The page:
Drug Derivatives and Drug Carriers for Targeting Tumor Cells via Caveolin-1/Caveolae
TS-037232 — The use of plasma membrane proteins as a biomarker and drug transport mechanism for cancer patients.
According to the National Cancer Institute, there are approximately 15 million people living with cancer in the United States. Current cancer treatments include chemotherapy, surgical intervention, radiation therapy and targeted immunological and hormonal treatments. Chemotherapy treatments travel…
According to the National Cancer Institute, there are approximately 15 million people living with cancer in the United States. Current cancer treatments include chemotherapy, surgical intervention, radiation therapy and targeted immunological and hormonal treatments. Chemotherapy treatments travel throughout the body and attack widespread cancers, however, there are toxic side effects and development of resistance to the chemical agents. Thus, the demand for targeted therapy technology is driving cancer therapeutics research. Limitations of available targeted therapies include therapy-resistant cancer cells and the complexity of target structure and the way its function is regulated in the cell.
Researchers at The Ohio State University, led by Drs. Terence Williams and Robert Lee, have developed drug carrier and biomarkers for targeting tumor cells via Caveolin-1 (Cav-1) plasma membrane proteins. Cav-1 is selectively overexpressed in cancer cells, including those of pancreas, lung, breast (triple negative), prostate, and is associated with invasion, metastasis, and poor prognosis. Cav-1 is responsible for albumin transport via endocytosis and facilitates uptake of drugs that are chemically conjugated or tightly bound to albumin. This invention in one aspect pertains to the use of Cav-1 as a prognostic biomarker that can be used to identify cancer patients who can benefit from albumin-coupled therapeutics. In another aspect, it covers the compositions of novel albumin drug conjugates, albumin binding drug derivatives, and albumin coated liposomes and nanoparticles loaded with drugs. The advantages are increased therapeutic efficacy and increased systemic circulation time of targeted chemotherapeutic drugs and reduced side effects.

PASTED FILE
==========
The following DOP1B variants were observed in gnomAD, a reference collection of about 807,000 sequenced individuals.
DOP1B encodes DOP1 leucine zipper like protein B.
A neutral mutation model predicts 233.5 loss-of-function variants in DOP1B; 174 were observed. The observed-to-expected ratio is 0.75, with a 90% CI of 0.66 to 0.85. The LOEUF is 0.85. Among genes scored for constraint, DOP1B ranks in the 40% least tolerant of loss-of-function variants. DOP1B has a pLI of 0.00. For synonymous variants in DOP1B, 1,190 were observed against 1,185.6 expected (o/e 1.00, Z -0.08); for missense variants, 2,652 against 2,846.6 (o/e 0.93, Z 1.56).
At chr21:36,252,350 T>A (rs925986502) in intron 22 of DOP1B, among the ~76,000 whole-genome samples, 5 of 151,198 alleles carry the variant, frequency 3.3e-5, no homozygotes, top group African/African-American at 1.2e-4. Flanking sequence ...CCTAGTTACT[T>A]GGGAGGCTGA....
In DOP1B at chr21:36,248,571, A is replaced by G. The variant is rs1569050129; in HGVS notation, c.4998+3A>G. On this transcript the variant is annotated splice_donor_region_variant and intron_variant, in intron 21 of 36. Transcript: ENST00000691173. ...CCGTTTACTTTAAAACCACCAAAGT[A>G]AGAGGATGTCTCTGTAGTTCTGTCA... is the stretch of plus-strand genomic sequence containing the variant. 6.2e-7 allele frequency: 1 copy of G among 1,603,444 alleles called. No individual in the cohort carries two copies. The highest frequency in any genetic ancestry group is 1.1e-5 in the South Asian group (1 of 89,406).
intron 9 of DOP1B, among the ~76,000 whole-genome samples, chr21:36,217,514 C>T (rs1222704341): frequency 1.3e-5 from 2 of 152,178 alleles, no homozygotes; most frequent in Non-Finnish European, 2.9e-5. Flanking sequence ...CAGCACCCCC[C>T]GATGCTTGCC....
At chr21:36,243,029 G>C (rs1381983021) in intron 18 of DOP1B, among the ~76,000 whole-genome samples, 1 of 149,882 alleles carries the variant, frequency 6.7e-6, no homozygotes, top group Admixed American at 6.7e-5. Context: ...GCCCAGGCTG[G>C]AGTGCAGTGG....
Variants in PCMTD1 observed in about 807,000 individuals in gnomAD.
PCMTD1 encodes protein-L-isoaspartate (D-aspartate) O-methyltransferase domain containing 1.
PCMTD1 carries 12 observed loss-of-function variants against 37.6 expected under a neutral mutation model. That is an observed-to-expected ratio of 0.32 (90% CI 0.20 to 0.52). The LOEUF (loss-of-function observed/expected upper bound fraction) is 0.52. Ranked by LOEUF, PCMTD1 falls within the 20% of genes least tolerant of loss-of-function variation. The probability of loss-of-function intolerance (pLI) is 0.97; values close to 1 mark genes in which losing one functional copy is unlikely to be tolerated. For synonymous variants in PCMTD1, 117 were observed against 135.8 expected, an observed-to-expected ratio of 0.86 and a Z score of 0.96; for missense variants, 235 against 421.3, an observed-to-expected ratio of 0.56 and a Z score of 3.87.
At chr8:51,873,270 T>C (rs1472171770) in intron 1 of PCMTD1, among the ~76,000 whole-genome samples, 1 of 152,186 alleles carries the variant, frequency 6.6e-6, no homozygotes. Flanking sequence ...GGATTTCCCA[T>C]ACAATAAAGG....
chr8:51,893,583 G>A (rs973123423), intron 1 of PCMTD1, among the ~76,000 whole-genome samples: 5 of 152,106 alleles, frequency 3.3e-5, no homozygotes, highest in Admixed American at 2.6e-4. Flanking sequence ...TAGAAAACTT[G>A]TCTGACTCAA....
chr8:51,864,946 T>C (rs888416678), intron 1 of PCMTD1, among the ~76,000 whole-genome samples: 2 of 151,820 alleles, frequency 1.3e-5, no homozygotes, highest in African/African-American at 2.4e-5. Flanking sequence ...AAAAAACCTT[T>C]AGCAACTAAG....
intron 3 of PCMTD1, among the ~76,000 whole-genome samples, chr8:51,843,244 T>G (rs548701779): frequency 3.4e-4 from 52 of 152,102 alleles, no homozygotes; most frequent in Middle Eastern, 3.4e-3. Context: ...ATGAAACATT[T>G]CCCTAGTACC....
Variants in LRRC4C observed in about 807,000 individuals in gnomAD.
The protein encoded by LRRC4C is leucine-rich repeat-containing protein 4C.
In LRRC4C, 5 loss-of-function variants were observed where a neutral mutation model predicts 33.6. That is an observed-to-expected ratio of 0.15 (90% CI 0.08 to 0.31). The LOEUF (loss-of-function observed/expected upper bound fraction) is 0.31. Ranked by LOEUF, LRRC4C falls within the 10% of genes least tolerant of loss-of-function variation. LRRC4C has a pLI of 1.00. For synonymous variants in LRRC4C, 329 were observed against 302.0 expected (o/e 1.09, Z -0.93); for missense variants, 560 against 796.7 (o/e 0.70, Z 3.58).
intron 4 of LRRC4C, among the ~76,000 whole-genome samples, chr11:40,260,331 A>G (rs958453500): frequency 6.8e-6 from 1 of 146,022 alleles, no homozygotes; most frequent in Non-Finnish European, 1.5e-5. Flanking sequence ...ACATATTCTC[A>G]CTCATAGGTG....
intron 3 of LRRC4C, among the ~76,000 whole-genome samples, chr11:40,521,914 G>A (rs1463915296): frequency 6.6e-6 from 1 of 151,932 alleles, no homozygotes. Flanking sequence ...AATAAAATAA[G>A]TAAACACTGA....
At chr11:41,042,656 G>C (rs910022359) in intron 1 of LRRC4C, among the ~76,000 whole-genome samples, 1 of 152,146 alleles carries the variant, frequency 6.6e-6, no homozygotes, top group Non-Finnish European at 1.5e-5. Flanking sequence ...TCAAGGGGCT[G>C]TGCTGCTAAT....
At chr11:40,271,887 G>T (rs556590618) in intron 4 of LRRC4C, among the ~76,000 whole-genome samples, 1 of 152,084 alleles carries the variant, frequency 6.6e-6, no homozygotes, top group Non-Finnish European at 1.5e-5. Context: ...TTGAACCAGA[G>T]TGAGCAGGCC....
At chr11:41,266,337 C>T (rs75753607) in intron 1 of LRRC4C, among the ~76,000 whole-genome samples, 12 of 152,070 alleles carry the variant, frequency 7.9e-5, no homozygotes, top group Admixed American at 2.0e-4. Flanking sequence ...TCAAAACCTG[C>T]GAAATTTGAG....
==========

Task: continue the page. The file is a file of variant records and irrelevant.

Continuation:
- Cancer treatment
- Breast (triple negative)
- Head and neck
- Brain (glioma)
- Skin cancer (melanoma)
- Prognostic potential in cancer treatment
- Increased therapeutic efficacy
- Reduced side effects
The Ohio State University laboratory that developed this technology has expertise in a range of areas related to lipid nanoparticles. They specialize in custom-design LNP for various cargo and in developing products tailored to the specific clinical application. The lab is focused on nucleic acid drug delivery and can be used for mRNA, plasmid DNA, siRNA, miRNA, antisense ODN, CpG ODNs and sgRNA for CRISPR gene editing, and any gene therapy related applications. The laboratory is open for collaboration for additional cargos and investigational routes.